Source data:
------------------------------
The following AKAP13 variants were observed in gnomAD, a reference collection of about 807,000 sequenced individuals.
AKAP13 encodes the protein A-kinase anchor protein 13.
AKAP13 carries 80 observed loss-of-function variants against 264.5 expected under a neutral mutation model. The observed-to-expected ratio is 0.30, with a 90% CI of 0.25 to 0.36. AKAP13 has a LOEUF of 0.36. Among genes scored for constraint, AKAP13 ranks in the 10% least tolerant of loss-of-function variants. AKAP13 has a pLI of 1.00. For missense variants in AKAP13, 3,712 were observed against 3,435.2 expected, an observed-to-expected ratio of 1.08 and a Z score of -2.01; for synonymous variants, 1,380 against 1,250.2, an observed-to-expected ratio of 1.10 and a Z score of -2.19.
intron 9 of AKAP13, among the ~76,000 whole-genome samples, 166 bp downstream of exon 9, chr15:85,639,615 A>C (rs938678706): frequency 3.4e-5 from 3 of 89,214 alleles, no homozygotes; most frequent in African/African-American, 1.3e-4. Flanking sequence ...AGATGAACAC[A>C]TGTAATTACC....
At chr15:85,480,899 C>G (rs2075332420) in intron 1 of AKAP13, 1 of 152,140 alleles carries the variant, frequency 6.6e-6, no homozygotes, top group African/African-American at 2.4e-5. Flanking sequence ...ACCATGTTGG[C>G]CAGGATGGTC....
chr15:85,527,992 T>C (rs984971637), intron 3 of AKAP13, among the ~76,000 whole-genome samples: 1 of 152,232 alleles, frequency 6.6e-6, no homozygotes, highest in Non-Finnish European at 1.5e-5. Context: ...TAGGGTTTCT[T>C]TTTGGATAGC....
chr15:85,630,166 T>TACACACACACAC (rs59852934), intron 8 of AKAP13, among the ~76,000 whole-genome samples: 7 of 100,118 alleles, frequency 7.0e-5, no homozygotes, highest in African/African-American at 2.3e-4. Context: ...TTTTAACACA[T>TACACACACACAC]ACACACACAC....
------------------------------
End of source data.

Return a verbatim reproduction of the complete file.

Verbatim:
The following AKAP13 variants were observed in gnomAD, a reference collection of about 807,000 sequenced individuals.
AKAP13 encodes the protein A-kinase anchor protein 13.
AKAP13 carries 80 observed loss-of-function variants against 264.5 expected under a neutral mutation model. The observed-to-expected ratio is 0.30, with a 90% CI of 0.25 to 0.36. AKAP13 has a LOEUF of 0.36. Among genes scored for constraint, AKAP13 ranks in the 10% least tolerant of loss-of-function variants. AKAP13 has a pLI of 1.00. For missense variants in AKAP13, 3,712 were observed against 3,435.2 expected, an observed-to-expected ratio of 1.08 and a Z score of -2.01; for synonymous variants, 1,380 against 1,250.2, an observed-to-expected ratio of 1.10 and a Z score of -2.19.
intron 9 of AKAP13, among the ~76,000 whole-genome samples, 166 bp downstream of exon 9, chr15:85,639,615 A>C (rs938678706): frequency 3.4e-5 from 3 of 89,214 alleles, no homozygotes; most frequent in African/African-American, 1.3e-4. Flanking sequence ...AGATGAACAC[A>C]TGTAATTACC....
At chr15:85,480,899 C>G (rs2075332420) in intron 1 of AKAP13, 1 of 152,140 alleles carries the variant, frequency 6.6e-6, no homozygotes, top group African/African-American at 2.4e-5. Flanking sequence ...ACCATGTTGG[C>G]CAGGATGGTC....
chr15:85,527,992 T>C (rs984971637), intron 3 of AKAP13, among the ~76,000 whole-genome samples: 1 of 152,232 alleles, frequency 6.6e-6, no homozygotes, highest in Non-Finnish European at 1.5e-5. Context: ...TAGGGTTTCT[T>C]TTTGGATAGC....
chr15:85,630,166 T>TACACACACACAC (rs59852934), intron 8 of AKAP13, among the ~76,000 whole-genome samples: 7 of 100,118 alleles, frequency 7.0e-5, no homozygotes, highest in African/African-American at 2.3e-4. Context: ...TTTTAACACA[T>TACACACACACAC]ACACACACAC....